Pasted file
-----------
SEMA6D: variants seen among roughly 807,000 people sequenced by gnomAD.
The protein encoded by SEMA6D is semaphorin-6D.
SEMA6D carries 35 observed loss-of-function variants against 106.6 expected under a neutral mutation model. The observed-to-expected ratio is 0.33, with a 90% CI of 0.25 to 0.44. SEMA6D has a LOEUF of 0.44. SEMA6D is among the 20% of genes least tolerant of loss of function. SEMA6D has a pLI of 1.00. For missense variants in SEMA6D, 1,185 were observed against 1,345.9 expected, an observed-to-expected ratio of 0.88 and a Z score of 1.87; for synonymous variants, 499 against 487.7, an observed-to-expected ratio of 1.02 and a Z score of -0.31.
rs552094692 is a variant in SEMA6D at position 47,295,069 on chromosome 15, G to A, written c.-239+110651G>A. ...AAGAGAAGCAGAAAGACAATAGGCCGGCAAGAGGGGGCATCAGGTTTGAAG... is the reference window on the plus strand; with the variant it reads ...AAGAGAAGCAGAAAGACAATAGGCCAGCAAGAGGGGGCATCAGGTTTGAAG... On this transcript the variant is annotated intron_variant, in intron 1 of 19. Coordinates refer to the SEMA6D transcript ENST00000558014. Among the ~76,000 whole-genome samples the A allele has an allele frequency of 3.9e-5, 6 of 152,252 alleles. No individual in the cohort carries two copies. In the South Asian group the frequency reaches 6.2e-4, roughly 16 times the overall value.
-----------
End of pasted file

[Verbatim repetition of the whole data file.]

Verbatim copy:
SEMA6D: variants seen among roughly 807,000 people sequenced by gnomAD.
The protein encoded by SEMA6D is semaphorin-6D.
SEMA6D carries 35 observed loss-of-function variants against 106.6 expected under a neutral mutation model. The observed-to-expected ratio is 0.33, with a 90% CI of 0.25 to 0.44. SEMA6D has a LOEUF of 0.44. SEMA6D is among the 20% of genes least tolerant of loss of function. SEMA6D has a pLI of 1.00. For missense variants in SEMA6D, 1,185 were observed against 1,345.9 expected, an observed-to-expected ratio of 0.88 and a Z score of 1.87; for synonymous variants, 499 against 487.7, an observed-to-expected ratio of 1.02 and a Z score of -0.31.
rs552094692 is a variant in SEMA6D at position 47,295,069 on chromosome 15, G to A, written c.-239+110651G>A. ...AAGAGAAGCAGAAAGACAATAGGCCGGCAAGAGGGGGCATCAGGTTTGAAG... is the reference window on the plus strand; with the variant it reads ...AAGAGAAGCAGAAAGACAATAGGCCAGCAAGAGGGGGCATCAGGTTTGAAG... On this transcript the variant is annotated intron_variant, in intron 1 of 19. Coordinates refer to the SEMA6D transcript ENST00000558014. Among the ~76,000 whole-genome samples the A allele has an allele frequency of 3.9e-5, 6 of 152,252 alleles. No individual in the cohort carries two copies. In the South Asian group the frequency reaches 6.2e-4, roughly 16 times the overall value.